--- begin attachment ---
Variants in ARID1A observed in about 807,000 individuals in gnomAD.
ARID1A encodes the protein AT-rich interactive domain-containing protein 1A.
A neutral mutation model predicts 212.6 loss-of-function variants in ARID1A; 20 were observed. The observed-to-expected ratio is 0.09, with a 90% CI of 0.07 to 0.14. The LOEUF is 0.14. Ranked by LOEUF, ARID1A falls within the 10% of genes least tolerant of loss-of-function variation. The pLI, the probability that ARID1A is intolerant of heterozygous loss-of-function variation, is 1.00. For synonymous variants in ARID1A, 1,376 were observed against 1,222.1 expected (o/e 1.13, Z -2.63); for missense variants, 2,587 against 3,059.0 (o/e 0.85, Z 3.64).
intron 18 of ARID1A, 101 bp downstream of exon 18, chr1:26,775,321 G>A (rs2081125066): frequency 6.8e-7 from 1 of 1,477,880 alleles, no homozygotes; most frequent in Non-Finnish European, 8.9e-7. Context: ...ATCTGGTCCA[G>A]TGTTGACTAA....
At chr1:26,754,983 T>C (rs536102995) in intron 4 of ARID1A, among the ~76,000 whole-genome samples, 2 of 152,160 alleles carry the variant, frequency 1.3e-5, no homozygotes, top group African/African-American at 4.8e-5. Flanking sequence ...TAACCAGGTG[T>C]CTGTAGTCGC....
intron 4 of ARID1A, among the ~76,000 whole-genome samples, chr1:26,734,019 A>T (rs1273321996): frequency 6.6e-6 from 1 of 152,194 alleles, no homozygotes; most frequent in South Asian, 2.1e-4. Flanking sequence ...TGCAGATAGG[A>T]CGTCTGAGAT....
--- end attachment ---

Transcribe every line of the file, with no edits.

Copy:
Variants in ARID1A observed in about 807,000 individuals in gnomAD.
ARID1A encodes the protein AT-rich interactive domain-containing protein 1A.
A neutral mutation model predicts 212.6 loss-of-function variants in ARID1A; 20 were observed. The observed-to-expected ratio is 0.09, with a 90% CI of 0.07 to 0.14. The LOEUF is 0.14. Ranked by LOEUF, ARID1A falls within the 10% of genes least tolerant of loss-of-function variation. The pLI, the probability that ARID1A is intolerant of heterozygous loss-of-function variation, is 1.00. For synonymous variants in ARID1A, 1,376 were observed against 1,222.1 expected (o/e 1.13, Z -2.63); for missense variants, 2,587 against 3,059.0 (o/e 0.85, Z 3.64).
intron 18 of ARID1A, 101 bp downstream of exon 18, chr1:26,775,321 G>A (rs2081125066): frequency 6.8e-7 from 1 of 1,477,880 alleles, no homozygotes; most frequent in Non-Finnish European, 8.9e-7. Context: ...ATCTGGTCCA[G>A]TGTTGACTAA....
At chr1:26,754,983 T>C (rs536102995) in intron 4 of ARID1A, among the ~76,000 whole-genome samples, 2 of 152,160 alleles carry the variant, frequency 1.3e-5, no homozygotes, top group African/African-American at 4.8e-5. Flanking sequence ...TAACCAGGTG[T>C]CTGTAGTCGC....
intron 4 of ARID1A, among the ~76,000 whole-genome samples, chr1:26,734,019 A>T (rs1273321996): frequency 6.6e-6 from 1 of 152,194 alleles, no homozygotes; most frequent in South Asian, 2.1e-4. Flanking sequence ...TGCAGATAGG[A>T]CGTCTGAGAT....